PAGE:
ESPN Insider: Escobar one to watch

IRVING, Texas -- The commonly held perception is that a player makes his biggest jump in the NFL between his rookie season and second year.

With that in mind, ESPN Insider Field Yates rates Dallas Cowboys tight end Gavin Escobar as one of 10 breakout players from the 2013 draft.

To read the full story, you need to be an InsiderInsider, but here's what he said about Escobar:

Nine catches for Escobar probably wasn't the production the Cowboys had in mind for him as a rookie second-rounder, but there's plenty of reason for optimism. Some scouts believed Escobar had a ceiling as a pass-catcher that came close to Bengals tight end Tyler Eifert, and that's something Dallas will work to tap into in 2014. Escobar is still clearly a reserve to Jason Witten and must improve as a blocker, but his length and catch radius project to increased development with a full offseason at his disposal.

The Cowboys made a surprise move in picking Escobar in the second round in 2013. He was the third second-round tight end the Cowboys picked since 2006, joining Anthony Fasano and Martellus Bennett. They found more success after leaving the Cowboys. Escobar is in Witten's shadow, but he should be given more chances in 2014.

New tight ends coach Mike Pope, who has developed a number of tight ends for the better part of three decades, told Jason Garrett the Giants had Escobar in a similar spot on their draft board.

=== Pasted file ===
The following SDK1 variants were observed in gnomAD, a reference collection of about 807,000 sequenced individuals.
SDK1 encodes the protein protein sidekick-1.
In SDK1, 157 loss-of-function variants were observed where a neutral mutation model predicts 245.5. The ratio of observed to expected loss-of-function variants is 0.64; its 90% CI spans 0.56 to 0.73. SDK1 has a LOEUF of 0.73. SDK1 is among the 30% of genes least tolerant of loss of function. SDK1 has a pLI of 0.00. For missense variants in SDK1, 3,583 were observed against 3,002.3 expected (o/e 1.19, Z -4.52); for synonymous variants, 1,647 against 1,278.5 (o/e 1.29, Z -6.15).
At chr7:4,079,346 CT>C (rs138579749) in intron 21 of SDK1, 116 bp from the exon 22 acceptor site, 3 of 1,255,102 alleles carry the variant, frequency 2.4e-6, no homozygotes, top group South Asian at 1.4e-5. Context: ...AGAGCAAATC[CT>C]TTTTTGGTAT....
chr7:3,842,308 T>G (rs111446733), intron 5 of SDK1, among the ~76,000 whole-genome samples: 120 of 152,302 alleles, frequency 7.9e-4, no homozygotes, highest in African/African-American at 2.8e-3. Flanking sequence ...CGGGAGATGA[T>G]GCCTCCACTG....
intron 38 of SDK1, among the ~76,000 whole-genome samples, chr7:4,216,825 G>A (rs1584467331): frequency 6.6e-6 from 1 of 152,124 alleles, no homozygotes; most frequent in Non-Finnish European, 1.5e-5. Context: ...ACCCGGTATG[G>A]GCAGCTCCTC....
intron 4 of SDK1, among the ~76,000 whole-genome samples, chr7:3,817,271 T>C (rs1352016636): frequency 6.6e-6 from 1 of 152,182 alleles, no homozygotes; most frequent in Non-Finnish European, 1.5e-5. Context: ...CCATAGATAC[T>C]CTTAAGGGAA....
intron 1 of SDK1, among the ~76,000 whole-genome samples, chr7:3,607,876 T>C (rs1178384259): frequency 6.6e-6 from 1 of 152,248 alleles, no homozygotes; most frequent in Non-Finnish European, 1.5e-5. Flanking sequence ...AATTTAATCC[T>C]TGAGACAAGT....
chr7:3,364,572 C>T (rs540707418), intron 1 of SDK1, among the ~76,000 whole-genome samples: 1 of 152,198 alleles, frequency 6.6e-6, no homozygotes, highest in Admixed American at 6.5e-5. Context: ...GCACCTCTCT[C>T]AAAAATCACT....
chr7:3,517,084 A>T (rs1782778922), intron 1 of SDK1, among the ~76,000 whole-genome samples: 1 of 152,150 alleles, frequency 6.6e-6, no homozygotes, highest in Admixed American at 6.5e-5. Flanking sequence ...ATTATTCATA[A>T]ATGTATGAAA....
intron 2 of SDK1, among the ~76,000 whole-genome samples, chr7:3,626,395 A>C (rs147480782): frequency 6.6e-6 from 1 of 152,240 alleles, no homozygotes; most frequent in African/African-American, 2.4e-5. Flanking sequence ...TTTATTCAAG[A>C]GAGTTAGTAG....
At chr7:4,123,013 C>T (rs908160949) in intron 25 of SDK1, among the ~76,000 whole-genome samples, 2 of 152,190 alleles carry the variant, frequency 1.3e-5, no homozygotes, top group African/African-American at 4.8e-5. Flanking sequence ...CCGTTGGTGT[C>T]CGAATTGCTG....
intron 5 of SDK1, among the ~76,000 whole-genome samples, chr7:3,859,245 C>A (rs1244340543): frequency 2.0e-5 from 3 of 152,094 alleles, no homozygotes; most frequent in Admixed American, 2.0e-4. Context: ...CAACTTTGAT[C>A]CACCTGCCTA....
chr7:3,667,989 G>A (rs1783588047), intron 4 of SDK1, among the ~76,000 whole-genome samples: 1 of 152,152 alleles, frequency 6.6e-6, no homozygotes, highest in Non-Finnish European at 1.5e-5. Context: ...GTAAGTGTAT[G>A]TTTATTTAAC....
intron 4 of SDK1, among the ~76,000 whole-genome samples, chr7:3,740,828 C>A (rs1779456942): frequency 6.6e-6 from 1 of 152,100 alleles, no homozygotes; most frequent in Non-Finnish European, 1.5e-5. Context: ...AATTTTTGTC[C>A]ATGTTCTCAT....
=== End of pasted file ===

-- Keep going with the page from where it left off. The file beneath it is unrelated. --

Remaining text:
"When you have a new coach come in from a different team, I'm always interested in hearing what they thought of a player when they were coming out," Garrett said. "Was our evaluation similar to their evaluation? What round did they have him in? It's always fun to get that impression and then get that impression from afar and the impression from up close when he gets a chance to meet with him and work with him.

"I think he sees probably a lot of the same things we see: a very talented, pass-catching tight end. He has to grow and get stronger as a blocker but he has a lot of skills we want to work with."

Garrett said Escobar has gotten stronger in the offseason, "but it's not something that happens overnight." His playing time figures to grow if the Cowboys are more married to the two-tight end personnel in which Escobar works essentially as a wide receiver working the slot.

If he does, then Yates' prediction could come true.